CoBE professor’s in-class coffee exercise sparks ethics discussion

Monday, January 11, 2021, 5:29am by

Dr. Todd Inouye’s in-class exercise From Farm to Cup: A Coffee Supply Chain Negotiation has already earned international recognition as an exemplary teaching innovation. Now it has caught the attention of the Society of Corporate Compliance and Ethics (SCCE),  a professional business society with over 7,500 members worldwide.  In the latest issue of ethikos, the society’s official publication, Dr. Inouye is interviewed by Adam Turteltaub, CHC, CCEP, Chief Engagement & Strategy Officer, SCCE & HCCA (Health Care Compliance Association).

The original article, published in the Decision Sciences Journal of Innovative Education by Dr. Inouye and his colleague Dr. James Kling, describes a role play using the global coffee supply chain. In this exercise, business undergraduates practice negotiations, improve their understanding of supply chain management, and consider the ethical implications of certain business transactions.

In the ethikos interview, Dr. Inouye elaborates on the concept of bounded ethicality, and how managers are limited in what they can consider and assume  when doing business. Often managers do not realize that they can indirectly contribute to unethical practices in making day-to-day decisions. Managers need to understand that they are responsible for much more than simply growing revenues or cutting costs. They are required to have a good understanding of how their own decisions will impact other members of their supply chains.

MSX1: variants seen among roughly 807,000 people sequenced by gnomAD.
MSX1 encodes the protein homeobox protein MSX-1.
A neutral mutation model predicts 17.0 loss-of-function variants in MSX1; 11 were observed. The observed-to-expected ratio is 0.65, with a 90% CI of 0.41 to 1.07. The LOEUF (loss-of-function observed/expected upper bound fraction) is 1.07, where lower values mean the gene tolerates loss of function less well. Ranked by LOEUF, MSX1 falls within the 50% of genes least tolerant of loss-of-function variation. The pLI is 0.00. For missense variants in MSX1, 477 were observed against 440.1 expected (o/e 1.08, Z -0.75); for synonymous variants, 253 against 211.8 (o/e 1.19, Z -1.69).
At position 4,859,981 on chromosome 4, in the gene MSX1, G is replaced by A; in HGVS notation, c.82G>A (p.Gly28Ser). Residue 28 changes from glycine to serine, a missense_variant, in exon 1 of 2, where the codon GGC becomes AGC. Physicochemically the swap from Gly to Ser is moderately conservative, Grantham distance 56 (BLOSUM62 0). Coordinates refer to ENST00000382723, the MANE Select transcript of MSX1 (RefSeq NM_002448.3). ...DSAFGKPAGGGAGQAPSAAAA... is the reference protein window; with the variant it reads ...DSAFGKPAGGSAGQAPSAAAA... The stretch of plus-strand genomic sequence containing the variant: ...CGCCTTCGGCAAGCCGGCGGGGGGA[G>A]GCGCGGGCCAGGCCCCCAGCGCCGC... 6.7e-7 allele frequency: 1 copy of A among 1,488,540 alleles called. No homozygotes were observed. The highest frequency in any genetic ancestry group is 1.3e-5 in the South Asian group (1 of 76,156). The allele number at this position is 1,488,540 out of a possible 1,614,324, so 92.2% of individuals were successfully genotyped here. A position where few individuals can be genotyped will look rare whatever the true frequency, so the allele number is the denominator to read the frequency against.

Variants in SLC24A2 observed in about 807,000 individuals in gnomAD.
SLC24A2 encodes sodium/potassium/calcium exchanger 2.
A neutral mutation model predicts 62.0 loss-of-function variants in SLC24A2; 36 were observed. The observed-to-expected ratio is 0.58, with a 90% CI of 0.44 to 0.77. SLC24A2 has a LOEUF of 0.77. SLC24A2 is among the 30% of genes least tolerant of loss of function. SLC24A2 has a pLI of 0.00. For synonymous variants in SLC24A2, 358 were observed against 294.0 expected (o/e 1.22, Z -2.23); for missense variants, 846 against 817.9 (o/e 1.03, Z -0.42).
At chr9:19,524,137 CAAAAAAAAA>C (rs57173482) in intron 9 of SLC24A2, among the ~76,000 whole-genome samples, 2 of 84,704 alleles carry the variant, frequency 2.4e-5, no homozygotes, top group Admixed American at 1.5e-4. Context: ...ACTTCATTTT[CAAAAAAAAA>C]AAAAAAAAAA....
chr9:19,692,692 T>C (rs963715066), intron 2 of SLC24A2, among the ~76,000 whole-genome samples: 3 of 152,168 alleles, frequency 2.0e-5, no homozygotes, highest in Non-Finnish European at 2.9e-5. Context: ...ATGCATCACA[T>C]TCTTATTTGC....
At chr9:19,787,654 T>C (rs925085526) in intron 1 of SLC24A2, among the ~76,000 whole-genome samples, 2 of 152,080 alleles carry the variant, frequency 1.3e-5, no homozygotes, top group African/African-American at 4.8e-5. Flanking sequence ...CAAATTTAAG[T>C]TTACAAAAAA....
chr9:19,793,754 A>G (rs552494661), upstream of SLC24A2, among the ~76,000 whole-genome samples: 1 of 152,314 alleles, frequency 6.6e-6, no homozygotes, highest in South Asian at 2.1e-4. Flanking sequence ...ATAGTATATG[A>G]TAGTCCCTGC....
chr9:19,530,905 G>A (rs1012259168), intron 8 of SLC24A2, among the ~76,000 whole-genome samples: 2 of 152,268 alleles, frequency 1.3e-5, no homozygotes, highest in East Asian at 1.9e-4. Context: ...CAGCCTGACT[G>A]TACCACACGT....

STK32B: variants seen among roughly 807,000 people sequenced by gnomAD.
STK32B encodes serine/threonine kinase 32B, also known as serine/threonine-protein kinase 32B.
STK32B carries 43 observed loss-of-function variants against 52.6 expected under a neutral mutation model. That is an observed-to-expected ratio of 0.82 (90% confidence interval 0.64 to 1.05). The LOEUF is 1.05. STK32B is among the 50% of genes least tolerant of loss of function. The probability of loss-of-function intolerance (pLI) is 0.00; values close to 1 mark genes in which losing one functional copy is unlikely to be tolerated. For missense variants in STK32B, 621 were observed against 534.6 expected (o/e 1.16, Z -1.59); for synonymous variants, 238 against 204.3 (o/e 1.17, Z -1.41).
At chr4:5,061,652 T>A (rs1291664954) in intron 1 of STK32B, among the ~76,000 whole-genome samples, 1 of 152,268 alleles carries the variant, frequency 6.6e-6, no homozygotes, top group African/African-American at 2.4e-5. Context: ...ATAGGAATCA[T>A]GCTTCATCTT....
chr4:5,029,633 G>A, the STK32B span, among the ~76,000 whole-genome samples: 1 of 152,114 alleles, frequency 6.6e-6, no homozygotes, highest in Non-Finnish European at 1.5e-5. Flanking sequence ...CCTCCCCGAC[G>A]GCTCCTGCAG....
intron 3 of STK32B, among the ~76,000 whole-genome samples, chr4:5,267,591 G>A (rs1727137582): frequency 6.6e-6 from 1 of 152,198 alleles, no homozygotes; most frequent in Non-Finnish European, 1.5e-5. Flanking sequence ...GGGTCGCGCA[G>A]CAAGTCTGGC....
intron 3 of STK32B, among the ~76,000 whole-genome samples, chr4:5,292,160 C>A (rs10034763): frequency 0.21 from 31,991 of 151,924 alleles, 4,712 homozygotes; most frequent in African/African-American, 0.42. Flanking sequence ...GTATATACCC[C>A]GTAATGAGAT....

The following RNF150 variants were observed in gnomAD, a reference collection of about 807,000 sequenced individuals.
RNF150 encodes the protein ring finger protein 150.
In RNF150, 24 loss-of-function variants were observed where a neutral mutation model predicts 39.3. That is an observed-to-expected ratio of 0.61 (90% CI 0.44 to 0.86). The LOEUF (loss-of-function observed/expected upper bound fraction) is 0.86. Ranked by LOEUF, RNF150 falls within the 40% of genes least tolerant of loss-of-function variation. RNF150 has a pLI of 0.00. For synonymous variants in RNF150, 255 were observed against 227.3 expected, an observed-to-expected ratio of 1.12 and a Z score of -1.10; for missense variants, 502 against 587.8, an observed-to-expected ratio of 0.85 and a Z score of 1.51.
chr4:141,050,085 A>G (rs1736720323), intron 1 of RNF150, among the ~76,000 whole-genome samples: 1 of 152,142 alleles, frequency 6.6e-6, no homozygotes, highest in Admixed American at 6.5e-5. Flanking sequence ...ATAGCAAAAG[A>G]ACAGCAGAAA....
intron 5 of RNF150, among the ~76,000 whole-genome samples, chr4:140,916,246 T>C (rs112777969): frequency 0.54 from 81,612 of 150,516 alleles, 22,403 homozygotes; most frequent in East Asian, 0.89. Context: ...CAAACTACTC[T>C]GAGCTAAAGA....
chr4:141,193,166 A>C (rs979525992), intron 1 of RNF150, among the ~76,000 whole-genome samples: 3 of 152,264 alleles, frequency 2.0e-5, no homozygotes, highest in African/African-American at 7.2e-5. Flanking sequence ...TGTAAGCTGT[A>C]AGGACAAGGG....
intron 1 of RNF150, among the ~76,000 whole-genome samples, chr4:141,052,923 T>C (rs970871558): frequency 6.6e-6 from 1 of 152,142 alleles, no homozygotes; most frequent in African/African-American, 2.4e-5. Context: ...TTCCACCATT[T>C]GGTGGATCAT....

Asked how this topic connects to his research interests, Dr. Inouye responded,

Business ethics as a discipline is always applicable across every circumstance and yet it remains one of the least understood concepts for professionals and students alike. There are no clear ethical boundaries to follow as these are typically determined by one’s personal experience, education, the views of their peers along with the views of their society. What may be clearly unethical for one, may be ethical and even expected for another. As a strategic management professor, it is my responsibility to help students to understand how ethics are intertwined in all business decision making and that their “ethical switch” should always be turned on. As graduates of the University of Hilo, they are expected to be good community stewards wherever they do business and having the necessary ethical awareness is always expected.

In order to be successful over the long term, business leaders need to think about the ethical implications of their decisions, not only for themselves and their colleagues, but also for the rest of the supply chain as well as the community stakeholders they serve.
As Benjamin Franklin once said, “It takes many good deeds to build a reputation, and only one bad one to ruin it.”